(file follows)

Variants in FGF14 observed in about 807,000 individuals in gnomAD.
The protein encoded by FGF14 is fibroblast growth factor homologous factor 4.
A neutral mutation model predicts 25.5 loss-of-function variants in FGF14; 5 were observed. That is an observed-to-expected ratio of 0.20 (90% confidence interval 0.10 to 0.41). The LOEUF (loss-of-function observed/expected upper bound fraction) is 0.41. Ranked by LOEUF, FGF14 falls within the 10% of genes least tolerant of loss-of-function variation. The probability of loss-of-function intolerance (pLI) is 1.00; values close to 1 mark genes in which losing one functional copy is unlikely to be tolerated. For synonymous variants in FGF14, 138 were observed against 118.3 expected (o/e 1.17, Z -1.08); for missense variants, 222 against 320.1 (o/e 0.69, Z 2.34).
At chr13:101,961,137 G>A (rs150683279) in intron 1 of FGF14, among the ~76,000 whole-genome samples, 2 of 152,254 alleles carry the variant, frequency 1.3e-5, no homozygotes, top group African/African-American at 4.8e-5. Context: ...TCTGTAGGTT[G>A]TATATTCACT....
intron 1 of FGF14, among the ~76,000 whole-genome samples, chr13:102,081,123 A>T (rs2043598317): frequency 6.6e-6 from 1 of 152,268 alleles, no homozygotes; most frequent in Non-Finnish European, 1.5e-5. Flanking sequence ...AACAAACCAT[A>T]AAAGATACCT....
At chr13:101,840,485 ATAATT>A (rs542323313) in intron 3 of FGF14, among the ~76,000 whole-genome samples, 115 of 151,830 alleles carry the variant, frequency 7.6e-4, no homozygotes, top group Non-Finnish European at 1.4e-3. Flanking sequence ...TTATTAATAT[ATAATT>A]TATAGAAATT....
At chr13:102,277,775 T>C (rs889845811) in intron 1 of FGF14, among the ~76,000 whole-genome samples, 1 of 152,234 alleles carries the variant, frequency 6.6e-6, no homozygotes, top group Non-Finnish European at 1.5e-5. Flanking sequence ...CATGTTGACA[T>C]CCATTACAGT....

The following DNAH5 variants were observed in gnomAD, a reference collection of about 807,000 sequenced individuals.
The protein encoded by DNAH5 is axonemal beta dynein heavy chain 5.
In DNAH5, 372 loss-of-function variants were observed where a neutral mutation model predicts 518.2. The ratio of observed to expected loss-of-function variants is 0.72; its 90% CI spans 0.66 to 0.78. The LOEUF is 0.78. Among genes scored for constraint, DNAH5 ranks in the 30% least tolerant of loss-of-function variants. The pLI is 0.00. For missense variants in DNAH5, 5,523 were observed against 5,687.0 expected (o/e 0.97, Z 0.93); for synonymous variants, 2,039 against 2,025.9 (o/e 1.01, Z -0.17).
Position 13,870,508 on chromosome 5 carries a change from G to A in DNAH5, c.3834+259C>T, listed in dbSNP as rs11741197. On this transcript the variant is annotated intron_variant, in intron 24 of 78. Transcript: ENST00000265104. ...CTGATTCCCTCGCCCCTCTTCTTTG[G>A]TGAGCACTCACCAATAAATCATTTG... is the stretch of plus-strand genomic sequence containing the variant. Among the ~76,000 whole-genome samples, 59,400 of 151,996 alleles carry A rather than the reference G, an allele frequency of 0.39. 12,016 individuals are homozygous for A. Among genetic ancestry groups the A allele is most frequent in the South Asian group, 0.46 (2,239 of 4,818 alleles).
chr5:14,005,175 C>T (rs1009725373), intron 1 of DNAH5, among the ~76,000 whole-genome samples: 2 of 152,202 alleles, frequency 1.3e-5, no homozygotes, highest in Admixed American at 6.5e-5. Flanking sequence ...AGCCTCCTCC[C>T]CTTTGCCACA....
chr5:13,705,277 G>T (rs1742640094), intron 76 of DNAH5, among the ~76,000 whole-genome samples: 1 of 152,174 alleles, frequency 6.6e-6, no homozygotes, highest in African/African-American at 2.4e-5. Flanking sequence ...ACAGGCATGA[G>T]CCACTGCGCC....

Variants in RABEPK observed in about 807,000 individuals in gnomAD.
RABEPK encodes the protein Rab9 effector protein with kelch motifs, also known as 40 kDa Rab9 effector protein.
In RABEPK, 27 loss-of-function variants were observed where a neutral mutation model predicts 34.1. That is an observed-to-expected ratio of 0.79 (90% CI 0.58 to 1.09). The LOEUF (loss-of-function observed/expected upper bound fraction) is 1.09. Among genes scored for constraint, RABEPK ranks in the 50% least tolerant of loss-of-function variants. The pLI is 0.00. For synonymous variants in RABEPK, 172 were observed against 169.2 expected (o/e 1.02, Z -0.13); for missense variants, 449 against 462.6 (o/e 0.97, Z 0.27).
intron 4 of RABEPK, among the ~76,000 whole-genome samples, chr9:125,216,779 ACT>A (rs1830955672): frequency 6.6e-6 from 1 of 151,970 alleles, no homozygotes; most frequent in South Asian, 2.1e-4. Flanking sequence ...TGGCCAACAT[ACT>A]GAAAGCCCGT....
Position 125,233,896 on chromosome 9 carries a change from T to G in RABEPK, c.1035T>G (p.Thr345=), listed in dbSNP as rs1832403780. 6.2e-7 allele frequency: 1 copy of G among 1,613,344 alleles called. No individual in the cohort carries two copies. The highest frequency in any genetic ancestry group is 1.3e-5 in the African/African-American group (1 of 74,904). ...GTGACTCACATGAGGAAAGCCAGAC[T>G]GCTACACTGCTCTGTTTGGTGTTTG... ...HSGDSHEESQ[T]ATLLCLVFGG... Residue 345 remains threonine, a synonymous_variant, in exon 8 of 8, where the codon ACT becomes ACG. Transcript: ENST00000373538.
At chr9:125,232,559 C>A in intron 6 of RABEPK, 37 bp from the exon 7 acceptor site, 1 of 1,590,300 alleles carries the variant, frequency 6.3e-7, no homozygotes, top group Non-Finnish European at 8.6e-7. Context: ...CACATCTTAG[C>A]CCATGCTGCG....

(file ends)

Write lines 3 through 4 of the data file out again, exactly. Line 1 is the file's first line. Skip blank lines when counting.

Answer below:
A neutral mutation model predicts 25.5 loss-of-function variants in FGF14; 5 were observed. That is an observed-to-expected ratio of 0.20 (90% confidence interval 0.10 to 0.41). The LOEUF (loss-of-function observed/expected upper bound fraction) is 0.41. Ranked by LOEUF, FGF14 falls within the 10% of genes least tolerant of loss-of-function variation. The probability of loss-of-function intolerance (pLI) is 1.00; values close to 1 mark genes in which losing one functional copy is unlikely to be tolerated. For synonymous variants in FGF14, 138 were observed against 118.3 expected (o/e 1.17, Z -1.08); for missense variants, 222 against 320.1 (o/e 0.69, Z 2.34).
At chr13:101,961,137 G>A (rs150683279) in intron 1 of FGF14, among the ~76,000 whole-genome samples, 2 of 152,254 alleles carry the variant, frequency 1.3e-5, no homozygotes, top group African/African-American at 4.8e-5. Context: ...TCTGTAGGTT[G>A]TATATTCACT....